Now Zuru co-founder Nick Mowbray is warning that an AI version of himself was used in an attempt to “recreate me” and dupe Zuru’s chief financial officer, Christian Pellone, on a Microsoft Teams video call.
“This is unbelievable. The sophistication is something everyone needs to be aware of. Mind-blowing,” Mowbray warned his followers on LinkedIn this morning.
Mowbray — who told the Herald his AI fake was trying to dupe his CFO into transferring cash — posted screenshots of messages leading up to the appearance of the fake video version of himself, plus a screengrab of Pellone’s explanation.
“Hi Christian, it’s Nick. Are you available for a team’s call?” the exchange began.
Pellone appeared to have got a message on his mobile phone from his boss.
He replied, “Sure Nick. Now?”
Mowbray sent a Teams invite and Pellone jumped on the video call.
“When I clicked on it, Nick was there, talking and gesturing to his ear, like ‘can’t hear you’.
Pellone was sufficiently suspicious of the messages to take screenshots of the WhatsApp message exchange and the Teams invite, “but not of the AI because I thought it was real ... It wasn’t a caricature or animation of Nic on Teams. It WAS Nick!”
A screengrab of the messages shows that Mowbray displays a mobile phone number, but it is not his regular WhatsApp number, but Pellone said it could him off-guard because it had a (+64) suffix for NZ and Mowbray’s picture. More, the call was timing was “Late at night so I would be groggy and confused from being woken up, but not so late as to be unrealistic.”
Pellone said in a later debrief, “It was not an avatar or an animation. It was absolutely Nick, wearing clothes that he would typically wear: a cool T-shirt and designer jeans.”
He wasn’t sure how the would-be fraudsters had managed to stitch the AI video into the Teams call (Microsoft has been asked for comment).
In follow-up comments to the Herald, Mowbray said his AI imitator asked his CFO to transfer money — using text because he said he couldn’t get off mute (presumably a jape because the AI wasn’t sophisticated enough for a real-time voice exchange).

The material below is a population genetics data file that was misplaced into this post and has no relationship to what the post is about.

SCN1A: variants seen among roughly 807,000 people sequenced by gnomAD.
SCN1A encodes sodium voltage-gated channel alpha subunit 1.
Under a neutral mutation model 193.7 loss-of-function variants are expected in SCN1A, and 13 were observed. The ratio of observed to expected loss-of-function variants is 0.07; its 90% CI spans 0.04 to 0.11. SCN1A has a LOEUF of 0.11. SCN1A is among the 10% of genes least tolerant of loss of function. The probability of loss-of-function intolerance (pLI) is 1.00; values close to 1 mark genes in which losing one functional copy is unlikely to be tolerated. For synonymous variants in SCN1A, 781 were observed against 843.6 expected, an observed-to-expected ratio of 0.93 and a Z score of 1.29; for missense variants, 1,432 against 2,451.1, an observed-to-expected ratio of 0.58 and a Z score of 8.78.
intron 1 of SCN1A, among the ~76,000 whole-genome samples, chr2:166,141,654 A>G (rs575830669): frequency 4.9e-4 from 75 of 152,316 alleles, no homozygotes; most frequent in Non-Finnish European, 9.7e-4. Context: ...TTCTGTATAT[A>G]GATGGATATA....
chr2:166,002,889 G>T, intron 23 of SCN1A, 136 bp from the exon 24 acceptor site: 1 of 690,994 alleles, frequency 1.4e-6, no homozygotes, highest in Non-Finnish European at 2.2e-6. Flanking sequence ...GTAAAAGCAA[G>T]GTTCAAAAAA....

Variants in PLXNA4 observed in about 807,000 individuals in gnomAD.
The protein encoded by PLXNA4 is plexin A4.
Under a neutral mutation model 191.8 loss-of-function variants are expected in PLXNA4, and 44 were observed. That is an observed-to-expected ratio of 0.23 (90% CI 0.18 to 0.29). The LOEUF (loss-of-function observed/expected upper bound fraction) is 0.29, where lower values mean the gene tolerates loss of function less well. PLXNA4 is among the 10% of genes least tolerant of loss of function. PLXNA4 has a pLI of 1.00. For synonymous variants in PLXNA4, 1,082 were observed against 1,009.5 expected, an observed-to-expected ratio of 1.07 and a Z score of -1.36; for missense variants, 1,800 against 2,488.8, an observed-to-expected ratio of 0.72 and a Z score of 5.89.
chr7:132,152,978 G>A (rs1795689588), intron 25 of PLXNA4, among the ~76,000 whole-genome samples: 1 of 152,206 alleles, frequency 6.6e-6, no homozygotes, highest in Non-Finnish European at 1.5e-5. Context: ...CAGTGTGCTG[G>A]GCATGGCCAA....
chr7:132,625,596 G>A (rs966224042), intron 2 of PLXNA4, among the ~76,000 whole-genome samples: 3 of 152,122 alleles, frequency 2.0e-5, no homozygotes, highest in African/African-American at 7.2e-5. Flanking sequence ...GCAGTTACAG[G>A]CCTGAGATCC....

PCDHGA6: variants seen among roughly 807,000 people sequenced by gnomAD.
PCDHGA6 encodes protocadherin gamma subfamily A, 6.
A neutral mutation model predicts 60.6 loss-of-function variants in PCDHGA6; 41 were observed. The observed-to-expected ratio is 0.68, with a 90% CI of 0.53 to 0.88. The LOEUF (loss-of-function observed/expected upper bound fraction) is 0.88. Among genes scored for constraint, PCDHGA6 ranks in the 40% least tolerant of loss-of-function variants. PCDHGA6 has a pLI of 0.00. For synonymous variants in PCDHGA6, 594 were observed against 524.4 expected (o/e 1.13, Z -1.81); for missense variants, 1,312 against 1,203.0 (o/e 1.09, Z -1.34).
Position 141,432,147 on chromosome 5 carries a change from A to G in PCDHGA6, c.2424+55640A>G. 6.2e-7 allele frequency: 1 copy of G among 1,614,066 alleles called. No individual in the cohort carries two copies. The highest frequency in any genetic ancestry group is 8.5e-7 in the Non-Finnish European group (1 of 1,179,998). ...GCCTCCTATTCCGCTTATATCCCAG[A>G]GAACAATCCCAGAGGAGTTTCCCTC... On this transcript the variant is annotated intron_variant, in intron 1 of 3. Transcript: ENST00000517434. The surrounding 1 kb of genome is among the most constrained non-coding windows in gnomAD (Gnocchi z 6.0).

But “in the text exchange, he started using language that didn’t sound like me”, Mowbray told the Herald.
Pellone is now building a case study for the Zuru team “to raise awareness and point to red flags”.
He messaged Mowbray, “I couldn’t distinguish between real you and Teams you. Like it WAS you.”
Agencies such as Netsafe and Cert NZ (the Government’s Computer Emergency Response Team) have already warned that AI has made it faster and easier for fraudsters to create new scams, and eliminate giveaways like bad English or typos. Now, Mowbray — or at least his AI evil twin — has flagged a new, more sinister turn.
The outgoing government passed no AI-related legislation, in contrast to the EU’s AI Act (due to come into force by the end of this year) or US President Joe Biden’s series of Executive Orders on Artificial Intelligence, and neither of the major parties had AI policy going into the election.
A study funded by the Law Foundation noted the rise of deepfake video, but said it could be dealt with under existing laws. Deepfake-specific legislation would risk undermining freedom of expression, it said.
Chris Keall is an Auckland-based member of the Herald’s business team. He joined the Herald in 2018 and is the technology editor and a senior business writer.